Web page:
Thank you for joining us today! We hope you enjoyed E is for Escape and invite you back tomorrow for our next installment of Masterplots Theater: F is for the Fool Triumphant .

Please share your favorite Escape titles in the comments.

Author: Robin Rivera

Robin trained as a professional historian and worked as a museum curator, an educator and historical consultant. She writes dark young adult fiction, with diverse characters. She's currently querying a novel, and working on two new manuscripts that started off as NaNoWriMo projects. You can follow her on Facebook(https://www.facebook.com/robin.rivera.90813) or on Twitter @robinrwrites. However, Pinterest (https://www.pinterest.com/RRWrites/) is where her inner magpie is happiest of all.

30 thoughts on “Masterplots Theater: E is for Escape”

  1. I never really considered escape as a full fledged plot. I always thought of it as a subplot or just a few scenes in a story like maybe one of the major scenes such as a pinch point or the climax. You’ve shown me that entire books and movies are built around this plot. The Maze Runner is a perfect example. I read the book with my son last year when it was his class assigned reading. The Great Escape is one of my favorite movies. There it is, right there in the film’s tittle.

    Melissa Sugar
    http://melissasugarwrites.com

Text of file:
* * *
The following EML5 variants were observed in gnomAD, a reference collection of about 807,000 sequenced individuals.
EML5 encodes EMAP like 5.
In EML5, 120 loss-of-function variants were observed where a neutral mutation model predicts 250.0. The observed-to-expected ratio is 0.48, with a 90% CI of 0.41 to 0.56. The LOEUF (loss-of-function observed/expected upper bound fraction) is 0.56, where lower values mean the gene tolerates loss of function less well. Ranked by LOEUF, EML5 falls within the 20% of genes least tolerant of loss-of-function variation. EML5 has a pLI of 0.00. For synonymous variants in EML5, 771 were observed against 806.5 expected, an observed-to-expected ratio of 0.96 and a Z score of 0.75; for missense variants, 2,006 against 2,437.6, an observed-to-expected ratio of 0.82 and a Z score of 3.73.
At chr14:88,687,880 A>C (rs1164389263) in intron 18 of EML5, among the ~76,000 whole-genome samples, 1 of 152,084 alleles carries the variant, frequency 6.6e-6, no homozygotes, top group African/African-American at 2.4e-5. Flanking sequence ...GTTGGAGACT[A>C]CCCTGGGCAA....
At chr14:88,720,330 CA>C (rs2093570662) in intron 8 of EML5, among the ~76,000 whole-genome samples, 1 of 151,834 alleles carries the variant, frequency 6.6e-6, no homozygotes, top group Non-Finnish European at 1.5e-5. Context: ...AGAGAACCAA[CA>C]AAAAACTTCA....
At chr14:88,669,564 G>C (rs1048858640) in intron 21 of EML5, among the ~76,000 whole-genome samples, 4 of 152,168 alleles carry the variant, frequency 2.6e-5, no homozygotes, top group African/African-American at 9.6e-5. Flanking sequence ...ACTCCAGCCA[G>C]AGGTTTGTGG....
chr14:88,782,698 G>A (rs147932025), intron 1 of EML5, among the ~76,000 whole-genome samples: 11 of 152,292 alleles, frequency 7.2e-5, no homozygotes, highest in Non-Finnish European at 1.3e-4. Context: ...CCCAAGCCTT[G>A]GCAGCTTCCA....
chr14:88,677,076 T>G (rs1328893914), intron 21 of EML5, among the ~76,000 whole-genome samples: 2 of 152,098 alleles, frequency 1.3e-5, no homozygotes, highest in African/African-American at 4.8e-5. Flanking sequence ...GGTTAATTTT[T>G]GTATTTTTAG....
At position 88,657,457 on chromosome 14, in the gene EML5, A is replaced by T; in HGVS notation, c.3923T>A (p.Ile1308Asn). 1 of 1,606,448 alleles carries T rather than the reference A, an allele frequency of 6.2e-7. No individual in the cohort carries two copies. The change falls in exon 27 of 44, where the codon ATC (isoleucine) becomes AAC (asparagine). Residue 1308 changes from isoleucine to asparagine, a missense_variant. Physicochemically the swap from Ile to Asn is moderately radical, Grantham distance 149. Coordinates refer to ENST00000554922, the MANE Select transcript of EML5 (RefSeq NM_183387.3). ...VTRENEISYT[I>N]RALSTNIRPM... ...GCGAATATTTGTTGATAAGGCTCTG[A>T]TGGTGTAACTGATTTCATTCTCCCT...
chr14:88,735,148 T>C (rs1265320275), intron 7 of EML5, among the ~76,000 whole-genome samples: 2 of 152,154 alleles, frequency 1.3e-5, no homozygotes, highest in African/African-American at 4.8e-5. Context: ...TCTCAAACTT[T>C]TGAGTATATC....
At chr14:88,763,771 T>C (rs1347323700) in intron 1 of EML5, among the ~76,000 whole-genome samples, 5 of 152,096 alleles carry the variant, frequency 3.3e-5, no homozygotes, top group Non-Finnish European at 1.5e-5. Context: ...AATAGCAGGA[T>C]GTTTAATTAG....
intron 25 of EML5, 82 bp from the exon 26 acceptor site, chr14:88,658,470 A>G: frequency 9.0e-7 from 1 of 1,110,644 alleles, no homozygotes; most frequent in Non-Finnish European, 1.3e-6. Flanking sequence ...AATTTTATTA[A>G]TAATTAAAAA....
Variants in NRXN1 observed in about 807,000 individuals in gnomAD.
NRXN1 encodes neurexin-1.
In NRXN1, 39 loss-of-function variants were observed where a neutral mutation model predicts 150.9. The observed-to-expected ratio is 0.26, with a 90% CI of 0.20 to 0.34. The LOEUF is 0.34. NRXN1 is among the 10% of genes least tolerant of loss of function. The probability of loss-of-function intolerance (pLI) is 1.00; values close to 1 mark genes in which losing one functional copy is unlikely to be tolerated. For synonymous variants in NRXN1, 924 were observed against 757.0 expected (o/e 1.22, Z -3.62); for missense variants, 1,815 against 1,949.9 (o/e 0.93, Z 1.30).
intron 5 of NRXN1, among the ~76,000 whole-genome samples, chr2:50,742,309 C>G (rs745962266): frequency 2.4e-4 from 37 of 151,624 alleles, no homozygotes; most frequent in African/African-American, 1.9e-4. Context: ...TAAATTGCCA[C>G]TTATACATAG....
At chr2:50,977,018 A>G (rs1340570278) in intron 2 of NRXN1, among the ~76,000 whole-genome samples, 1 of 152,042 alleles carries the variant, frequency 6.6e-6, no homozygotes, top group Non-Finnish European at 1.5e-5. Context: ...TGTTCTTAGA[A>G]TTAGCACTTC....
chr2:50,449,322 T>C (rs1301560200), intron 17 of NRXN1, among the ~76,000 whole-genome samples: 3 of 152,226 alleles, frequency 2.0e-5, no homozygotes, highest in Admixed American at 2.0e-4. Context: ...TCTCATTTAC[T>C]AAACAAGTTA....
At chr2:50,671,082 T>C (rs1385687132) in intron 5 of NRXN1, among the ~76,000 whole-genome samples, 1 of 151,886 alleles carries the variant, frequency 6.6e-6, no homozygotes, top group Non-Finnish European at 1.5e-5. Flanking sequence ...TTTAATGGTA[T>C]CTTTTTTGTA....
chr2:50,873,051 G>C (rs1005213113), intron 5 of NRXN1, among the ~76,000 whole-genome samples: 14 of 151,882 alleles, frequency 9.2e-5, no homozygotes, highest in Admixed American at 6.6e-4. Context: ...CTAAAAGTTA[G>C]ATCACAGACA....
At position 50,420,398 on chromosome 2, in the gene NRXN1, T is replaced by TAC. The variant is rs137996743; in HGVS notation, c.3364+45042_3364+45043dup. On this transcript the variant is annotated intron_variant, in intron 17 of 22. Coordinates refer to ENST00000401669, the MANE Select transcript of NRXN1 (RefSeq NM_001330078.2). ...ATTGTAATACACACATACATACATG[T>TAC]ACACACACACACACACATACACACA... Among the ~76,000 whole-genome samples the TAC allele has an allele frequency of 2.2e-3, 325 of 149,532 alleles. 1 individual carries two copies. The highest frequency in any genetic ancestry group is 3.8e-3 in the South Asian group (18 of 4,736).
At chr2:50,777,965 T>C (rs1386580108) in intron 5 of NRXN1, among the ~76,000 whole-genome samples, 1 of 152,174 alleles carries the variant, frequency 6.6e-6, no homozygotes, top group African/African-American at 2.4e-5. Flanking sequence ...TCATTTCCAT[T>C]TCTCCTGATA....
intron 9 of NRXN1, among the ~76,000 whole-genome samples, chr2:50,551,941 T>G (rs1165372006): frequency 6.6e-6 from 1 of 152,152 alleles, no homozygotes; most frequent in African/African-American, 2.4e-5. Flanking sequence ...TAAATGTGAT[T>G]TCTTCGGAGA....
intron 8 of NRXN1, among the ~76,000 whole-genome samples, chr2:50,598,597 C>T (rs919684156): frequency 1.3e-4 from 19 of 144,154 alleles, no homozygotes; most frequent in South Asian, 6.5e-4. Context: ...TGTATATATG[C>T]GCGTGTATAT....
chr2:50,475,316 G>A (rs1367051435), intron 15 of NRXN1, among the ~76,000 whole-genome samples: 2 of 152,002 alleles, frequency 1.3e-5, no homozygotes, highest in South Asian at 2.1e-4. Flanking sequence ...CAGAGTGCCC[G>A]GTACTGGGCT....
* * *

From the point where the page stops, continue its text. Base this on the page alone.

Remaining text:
1. I considered looking at the rescue masterplot, but the escape plot is more unusual. Almost no one has heard of that one.

    1. Maze Runner was one of the easy ones to pick. Writing these posts made me realize I need to read in more genres. I’m in a bit of a YA rut. Thanks for stopping by.

  2. Mhm… so there are elements of the escape in my story, but I don’t think this fits completely. Though I was about to say there isn’t a group in my story, but thinking about it, this is not true.
    This may actually be it.

    So let me see, what else do you have? I may find one that fits even better 😉

    @JazzFeathers
    The Old Shelter – Jazz Age Jazz

    1. You don’t need a group for an escape, this is just one example. But we still have a lot of post left. You may still find one that’s fits better.

  3. Wait…The Wizard of Oz was all in her mind? How did I miss that? Hmm…
    Thanks for writing this. It’s a very thought-provoking series, and I like how you dissect the stories to look at their overall plots.

    1. Thanks, Sheila. That’s great to hear. The masterplots are fun. Once I starting learning about them the ideas just start popping! I feel like I have enough story ideas to take me into the next decade after doing this series.

  4. I actually have a short story coming out in an anthology next month that’s an escape story. Such powerful emotions. It’s speculative fiction and deals with being trapped by a mirror world. (Parallels: Felix Was Here, The Mirror People.) I like this kind of conflict. Who hasn’t felt trapped at one point or another?

    1. The emotional aspects are so important for escape plots. Drawing on feelings of being trapped in your real life is also a great writing tip. Being trapped in a mirror world sounds nasty, I would want to escape that too.

  5. This is an excellent series. I hadn’t thought of escape as big enough enough to be a plot before–I’d thought of it more as an element, but I use it in my stories. Thanks so much for the post.

    1. Combining masterplots is a common practice. Escape makes a great subplot or a perfect pairing with a number of the other masterplots.

    1. Hi Seena, I agree with you. Learning more about the author and what factors helped them create the book makes reading it more enjoyable.

We love comments and questions.